For well known to folklorists is the religious legend surrounding the death of Jesus Christ and the flies, which gathered on his body at the time of crucifixion. Looking like nails, their presence had the happy effect of preventing more nails form being driven into the body. The result is that flies may now dine at Kings&#8217; tables with impunity. The poet&#8217;s fly appears to enjoy similar privileges before the king, perhaps even to the extent of touching the dead one&#8217;s eyes (&#8216;anointing&#8217; them?) at the moment of the King&#8217;s coming to harvest and (death&#8217;s) table. (44)
Monteiro&#8217;s explanation of the poem and the significance of the fly is more realistic and down to earth. He takes the past history and tries to make some sense in how a fly may have had an affect with what is known today as a profit, the sun of God, or God to the people of this world. Another reader, author, Eugene Hollahan sees the fly as something more evil. Hollahan states:
Assuming that the fly as an element in the poem takes on a new meaning when seen as an example of Miss Dickinson&#8217;s daring use of traditional Christian symbols for the purpose of
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dramatically rendering the experience of death and the afterlife, I herewith suggest that this dramatic lyric is spoken by a soul very possible if not certainly burning for an eternity in Hell&#8217;s darkness. In this reading of the poem, I see the fly as an agent or emissary of Satan, the Satan Puritans would expect to be present at the death of an individual possibly of certainly damned to Hell. Knowing then that the poet often dramatized in her poetry the drama-laden situation of the personality or soul after the death of the body, and the keeping in mind the religious traditions she inherited, may conclude that this &#8216;deathbed&#8217; poem, which is actually spoken by the soul some time after death, is in reality an organic development growing out of the theological background, dramatically using the idea of damnation. The poem is then seen to be an attempt to render a lyric monologue spoken by a soul presently in Hell. The stunned soul speaks monotonously, remembering the moment of death. The first, most vivid detail is the buzzing fly, the last physical thing experienced. Next, the hushed room is rendered. The &#8216;heaves of the storm&#8217; suggest that this life has been stormy and the afterlife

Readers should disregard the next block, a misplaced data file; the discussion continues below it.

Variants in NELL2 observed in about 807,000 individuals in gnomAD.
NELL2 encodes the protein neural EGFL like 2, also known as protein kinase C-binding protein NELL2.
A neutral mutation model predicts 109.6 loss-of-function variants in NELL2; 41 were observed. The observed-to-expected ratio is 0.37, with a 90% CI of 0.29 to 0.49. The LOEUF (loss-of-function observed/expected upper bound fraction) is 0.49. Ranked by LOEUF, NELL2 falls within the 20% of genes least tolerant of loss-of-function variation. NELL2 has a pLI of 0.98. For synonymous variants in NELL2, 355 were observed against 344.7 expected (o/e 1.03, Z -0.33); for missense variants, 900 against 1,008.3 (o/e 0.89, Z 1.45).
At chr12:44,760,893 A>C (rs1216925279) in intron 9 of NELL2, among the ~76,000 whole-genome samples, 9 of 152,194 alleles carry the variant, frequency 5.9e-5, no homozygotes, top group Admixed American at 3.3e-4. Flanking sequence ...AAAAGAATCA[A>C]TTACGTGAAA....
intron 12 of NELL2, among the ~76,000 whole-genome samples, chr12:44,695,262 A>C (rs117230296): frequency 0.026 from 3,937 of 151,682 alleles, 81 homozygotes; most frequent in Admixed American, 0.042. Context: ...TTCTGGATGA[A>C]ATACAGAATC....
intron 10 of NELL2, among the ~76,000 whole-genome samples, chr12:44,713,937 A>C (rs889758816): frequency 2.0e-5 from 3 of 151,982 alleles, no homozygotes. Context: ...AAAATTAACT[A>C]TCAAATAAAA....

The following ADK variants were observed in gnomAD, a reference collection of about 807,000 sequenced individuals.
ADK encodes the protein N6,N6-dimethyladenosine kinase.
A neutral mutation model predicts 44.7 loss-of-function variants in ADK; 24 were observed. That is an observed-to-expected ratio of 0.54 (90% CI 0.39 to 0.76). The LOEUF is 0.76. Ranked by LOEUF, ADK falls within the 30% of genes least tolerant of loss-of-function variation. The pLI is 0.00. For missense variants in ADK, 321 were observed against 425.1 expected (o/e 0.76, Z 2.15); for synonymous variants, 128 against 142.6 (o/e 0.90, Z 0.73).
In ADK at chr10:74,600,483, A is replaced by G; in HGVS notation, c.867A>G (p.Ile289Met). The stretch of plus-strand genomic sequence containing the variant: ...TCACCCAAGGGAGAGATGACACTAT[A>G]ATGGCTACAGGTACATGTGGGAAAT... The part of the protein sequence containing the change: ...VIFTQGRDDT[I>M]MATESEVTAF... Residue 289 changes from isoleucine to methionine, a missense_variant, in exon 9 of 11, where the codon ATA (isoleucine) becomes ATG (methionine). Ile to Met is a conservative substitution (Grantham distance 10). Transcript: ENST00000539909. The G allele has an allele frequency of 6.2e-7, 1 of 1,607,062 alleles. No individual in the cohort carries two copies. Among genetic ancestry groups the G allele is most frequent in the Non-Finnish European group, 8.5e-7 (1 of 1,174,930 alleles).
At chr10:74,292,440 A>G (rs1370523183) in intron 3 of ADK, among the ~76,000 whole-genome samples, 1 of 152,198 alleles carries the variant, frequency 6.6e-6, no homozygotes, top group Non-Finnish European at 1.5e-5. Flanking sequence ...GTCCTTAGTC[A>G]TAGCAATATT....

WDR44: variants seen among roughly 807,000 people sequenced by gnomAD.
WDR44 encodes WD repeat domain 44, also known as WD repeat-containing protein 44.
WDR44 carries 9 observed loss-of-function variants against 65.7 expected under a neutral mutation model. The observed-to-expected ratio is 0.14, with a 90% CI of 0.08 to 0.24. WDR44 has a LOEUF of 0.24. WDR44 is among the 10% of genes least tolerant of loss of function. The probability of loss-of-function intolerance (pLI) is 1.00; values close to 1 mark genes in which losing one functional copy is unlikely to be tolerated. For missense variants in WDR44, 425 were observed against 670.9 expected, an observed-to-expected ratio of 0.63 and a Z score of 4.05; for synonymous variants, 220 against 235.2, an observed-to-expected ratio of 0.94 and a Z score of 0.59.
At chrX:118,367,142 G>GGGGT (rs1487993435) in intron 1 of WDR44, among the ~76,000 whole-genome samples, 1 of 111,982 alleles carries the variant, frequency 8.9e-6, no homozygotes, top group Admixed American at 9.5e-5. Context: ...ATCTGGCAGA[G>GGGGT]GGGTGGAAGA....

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will be too. Subsequent experience will be violent. The watchers have wept their fill, and wait with bated breath to witness the &#8216;king&#8217; (will it be God or Death?). The &#8216;witness&#8217; would be the hoped-for sign, but if a sign of salvation is in the possible order of things then logically a sign of damnation would be possible, even if the watchers missed it (Item 6).
     In my opinion Emily Dickinson wrote exactly what she felt in her heart. She chose to keep herself confined in a room and nowhere else. She may have chosen to do this because she was in a state of depression, uncertainty of her well being, or just wanted to keep to herself for her own reasons. Although, it may not ever be certain why she never allowed herself to be exposed to the out world. For the poems that she wrote about love they could have been what she hoped she could of had happen to her. In those poems she spoke of what she thought love was, who it was, and what it meant to her. In the poems she wrote of nature, she may have written while she was looking outside of her window looking at the seasons change from Fall, to Winter, to Spring, to Summer. Last, for the poems that she wrote of death, as the authors stated I also feel that they were of her beliefs of what her death would be like.
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     In conclusion, Emily Dickinson is very complicated, yet truthful to the heart poet. She wrote poems while she was confined in a room that described what she thought love, nature, and death was or would be. Many people have been fascinated with her work and still are pronged into giving other inexperienced readers a persuasive aspect of how they should interpret what Emily Dickinson&#8217;s really mean.